Galley Notes; How to Dress a Squid

So, you’ve managed to convince some cephalopods that your lure looked tasty and now you’ve got a bucket full o’ squid. Visions of calamari are dancing in your head, but just how to you get from whole animal to delicious, deep fried morsels?

“Dressing” a squid does not involve turtle necks or tutus, it is just a fancy word for cleaning, gutting and preparing an animal for eating. The great thing about squid is that there isn’t anything too stinky, slimy, bloody, nasty or gross about cleaning them. Even people queasy about handle a dead chicken will probably find squid rather benign.

After 50 odd cephalopods Steve made cleaning them look dead easy, and it is. Here’s he fool proof method for dressing a squid.


A sharp knife, a good cutting board, a bucket of sea water, maybe an old tshirt and a cold beer.

STEP 1. Rinse your squid off in clean salt water and place neatly on cutting board. It is generally recommended that you use salt, not fresh, water to clean any kind of edible sea creature.


STEP 2. Cut the tentacles off just below the eyes.


If you do this correctly you should be able to invert the tentacles and pop out the round muscle that contains the beak. Set the tentacles aside.


STEP 3. With your fingers find the tip of the “pen” that is located between the head and the mantle, or body, of the squid. You should feel something akin to the cartilage in the tip of your nose. Run your fingers all the way the pen toward the pointy end of the mantle, separating it from the flesh as you go.

STEP 4. With your fingers still inside the squid try and grab all the fleshy bits, and the pen, and pull it out and away from the mantle. Be careful as the ink sac can sometimes still contain ink and will make a bit of a mess if squeezed (but if you’re anything like me you’re already covered in ink from catching the little buggers, so no big deal.)

If you successfully get all the goo out in one pull than you’ve completely gutted the squid. You can discard the guts but if you’re a keen fisherman cut off the head/eyes portion as this make great bait.


STEP 5. Now how do you want to cook the squid; steaks, rings, whole? It’s up to you but we prefer to cook squid steaks and dice afterwards if desired. So with the flat side of the mantle on the board insert a sharp knife and cut the mantle, top to bottom, through one side. This give you an opportunity to scrap and clean any stray bits still attached to the inside of the mantle and give it a good rinse in your bucket before cutting through the second side.

STEP 6. With your fingers scrap and pinch and pull the very thin skin from the white flesh. You can do this while the mantle is whole but it seems a little easier if the skin is cut first. Also you can totally skip this step. I am a little fussy ( can hear Steve rolling his eyes?!) and like my squid totally clean, I think it makes a difference to the taste. If you don’t mind a slightly stronger “fishy” taste then no need to bother with this very fiddly step.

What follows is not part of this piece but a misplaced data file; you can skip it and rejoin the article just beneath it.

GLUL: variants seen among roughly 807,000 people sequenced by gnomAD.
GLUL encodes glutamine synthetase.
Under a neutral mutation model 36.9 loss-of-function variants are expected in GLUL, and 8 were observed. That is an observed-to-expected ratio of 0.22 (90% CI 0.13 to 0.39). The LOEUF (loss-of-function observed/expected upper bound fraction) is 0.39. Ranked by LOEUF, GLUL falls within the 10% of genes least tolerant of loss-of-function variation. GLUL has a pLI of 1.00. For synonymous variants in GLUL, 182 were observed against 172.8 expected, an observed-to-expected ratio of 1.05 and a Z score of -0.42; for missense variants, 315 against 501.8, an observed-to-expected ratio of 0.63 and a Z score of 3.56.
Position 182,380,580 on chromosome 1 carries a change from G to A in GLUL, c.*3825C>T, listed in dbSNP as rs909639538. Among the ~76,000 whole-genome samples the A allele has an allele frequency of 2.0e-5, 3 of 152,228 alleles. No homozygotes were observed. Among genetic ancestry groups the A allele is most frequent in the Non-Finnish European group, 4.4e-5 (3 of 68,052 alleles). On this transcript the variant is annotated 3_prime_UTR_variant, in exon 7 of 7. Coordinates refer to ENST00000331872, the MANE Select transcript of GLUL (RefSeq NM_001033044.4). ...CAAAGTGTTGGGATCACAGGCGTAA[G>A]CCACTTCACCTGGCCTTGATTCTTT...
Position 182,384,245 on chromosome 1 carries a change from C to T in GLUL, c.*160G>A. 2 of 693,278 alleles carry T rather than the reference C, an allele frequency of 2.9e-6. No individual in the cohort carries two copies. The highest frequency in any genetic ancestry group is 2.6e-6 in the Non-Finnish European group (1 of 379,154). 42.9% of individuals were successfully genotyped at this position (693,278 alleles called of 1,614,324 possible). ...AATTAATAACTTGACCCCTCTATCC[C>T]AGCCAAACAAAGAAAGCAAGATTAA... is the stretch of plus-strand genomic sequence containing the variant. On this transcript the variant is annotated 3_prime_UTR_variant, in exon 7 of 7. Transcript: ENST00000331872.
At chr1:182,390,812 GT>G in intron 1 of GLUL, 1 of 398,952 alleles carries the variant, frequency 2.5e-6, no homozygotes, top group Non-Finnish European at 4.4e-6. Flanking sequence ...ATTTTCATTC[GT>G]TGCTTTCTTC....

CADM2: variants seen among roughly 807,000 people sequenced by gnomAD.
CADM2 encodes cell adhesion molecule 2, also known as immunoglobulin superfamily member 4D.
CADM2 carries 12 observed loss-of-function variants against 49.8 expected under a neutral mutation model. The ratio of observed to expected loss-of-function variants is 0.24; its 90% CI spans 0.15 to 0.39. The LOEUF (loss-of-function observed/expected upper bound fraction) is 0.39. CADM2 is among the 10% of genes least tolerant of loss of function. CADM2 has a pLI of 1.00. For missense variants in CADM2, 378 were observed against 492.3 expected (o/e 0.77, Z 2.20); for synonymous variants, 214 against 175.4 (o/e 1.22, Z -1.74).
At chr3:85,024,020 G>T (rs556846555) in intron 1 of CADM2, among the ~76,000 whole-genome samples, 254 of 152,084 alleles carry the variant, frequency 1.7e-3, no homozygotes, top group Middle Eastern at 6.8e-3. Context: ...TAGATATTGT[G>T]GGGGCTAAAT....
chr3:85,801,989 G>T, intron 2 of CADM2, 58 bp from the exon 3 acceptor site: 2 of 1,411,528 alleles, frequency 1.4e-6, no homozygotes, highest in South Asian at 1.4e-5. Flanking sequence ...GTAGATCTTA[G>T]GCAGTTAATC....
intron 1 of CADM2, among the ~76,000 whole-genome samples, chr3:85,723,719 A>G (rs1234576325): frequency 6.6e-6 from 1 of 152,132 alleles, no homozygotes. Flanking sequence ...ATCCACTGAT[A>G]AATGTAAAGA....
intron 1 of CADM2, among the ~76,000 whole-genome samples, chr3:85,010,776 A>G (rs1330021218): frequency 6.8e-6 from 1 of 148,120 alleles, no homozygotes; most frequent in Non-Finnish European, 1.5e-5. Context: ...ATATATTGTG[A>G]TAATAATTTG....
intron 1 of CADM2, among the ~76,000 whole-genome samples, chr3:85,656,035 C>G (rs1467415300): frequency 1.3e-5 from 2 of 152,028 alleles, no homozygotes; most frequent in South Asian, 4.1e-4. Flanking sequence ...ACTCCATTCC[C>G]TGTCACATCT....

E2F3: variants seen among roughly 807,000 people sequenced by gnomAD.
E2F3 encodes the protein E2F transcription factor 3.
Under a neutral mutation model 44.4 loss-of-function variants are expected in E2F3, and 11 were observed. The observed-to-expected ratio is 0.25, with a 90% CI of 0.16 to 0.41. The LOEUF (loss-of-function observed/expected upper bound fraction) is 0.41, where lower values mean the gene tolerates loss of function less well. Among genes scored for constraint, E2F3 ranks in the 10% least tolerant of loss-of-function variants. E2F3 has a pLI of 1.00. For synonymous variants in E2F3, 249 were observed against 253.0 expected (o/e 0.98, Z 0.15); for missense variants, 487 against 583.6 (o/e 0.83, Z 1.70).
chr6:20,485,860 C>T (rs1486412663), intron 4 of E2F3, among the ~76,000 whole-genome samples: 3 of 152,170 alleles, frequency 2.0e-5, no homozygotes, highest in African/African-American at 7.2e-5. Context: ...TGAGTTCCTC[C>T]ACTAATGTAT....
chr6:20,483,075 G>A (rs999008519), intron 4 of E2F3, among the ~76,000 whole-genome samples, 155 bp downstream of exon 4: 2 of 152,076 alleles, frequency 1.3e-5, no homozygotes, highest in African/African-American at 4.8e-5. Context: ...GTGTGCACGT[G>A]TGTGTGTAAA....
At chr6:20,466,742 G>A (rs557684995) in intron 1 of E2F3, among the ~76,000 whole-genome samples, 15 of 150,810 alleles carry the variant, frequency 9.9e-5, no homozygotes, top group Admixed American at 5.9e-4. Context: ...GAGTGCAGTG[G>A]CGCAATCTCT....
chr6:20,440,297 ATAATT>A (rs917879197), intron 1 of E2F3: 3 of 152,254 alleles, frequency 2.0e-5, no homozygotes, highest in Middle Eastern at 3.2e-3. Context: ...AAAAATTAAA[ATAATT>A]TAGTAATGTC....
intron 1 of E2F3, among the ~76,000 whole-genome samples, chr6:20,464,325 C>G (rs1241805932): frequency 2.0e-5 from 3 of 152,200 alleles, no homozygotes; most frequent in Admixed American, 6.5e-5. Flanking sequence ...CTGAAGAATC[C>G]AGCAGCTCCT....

What you’ll be left with is a plate of tentacles and cleaned mantles and a stain of saliva on your shirt. (Don’t worry, no one will notice amidst all the ink stains.)


Squid will last 2-3 days in an air tight container uncooked in the fridge.

It also freezes very well, with little change to the texture of the flesh when it is thawed. Chances are, if you have eaten squid that you haven’t caught yourself it had been frozen before it hit the deep fryer.

And speaking of deep fryers, I know the secret to perfect calamari. I spent a summer working the line at an Italian restaurant and was in charge of cooking the calamari, among a myriad of other things. But since it frying requires a lot of oil and makes a fair bit of mess we tend not to bother with calamari onboard.

Instead Steve flash fries the squid steaks in a lightly oiled pan, only 30-40 seconds each side. Cook squid for too long and the meat will seize so you end seafood flavoured chewing gum. So very, very disappointing after all that hard work.

For lunch the other while underway I concocted a Thai inspired Squid Noodle Salad

Using some left over spaghetti, fresh local veggies and the squid that Steve had just finished cooking on the BBQ. We sat in the cockpit in silence eating but for the occasional slurp of noodles and snuff of a chili induced runny nose; all signs of a good meal.

Thai Inspired Squid Noodle Salad


2 Cups Leftover cooked and cooled noodles (I had spaghetti on hand but Asian style egg or rice noodles would be tasty)

½ Thinly sliced onion

Handful Green beans, sliced

1 Lrg Red, Green or Yellow Peppers, Thinly Sliced

1 bunch of Watercress, Roughly chopped

6 Sm to Medium Squid, cleaned, steaked and flash fried and thinly sliced

Handful of Cherry tomatoes, quarters


2 Tbps Soya Sauce

1” Ginger, grated

2 Garlic, grated

1-2 Limes, Juiced

2-4 Birds Eye Chilies to taste


In a large bowl combine soya sauce, garlic, ginger, lime juice and chilies adjusting to taste. Add noodles, onions, peppers, beans and squid and toss to coat. When ready to serve add water cress and tomatoes. Serve with wedge of lime and a cold beer!

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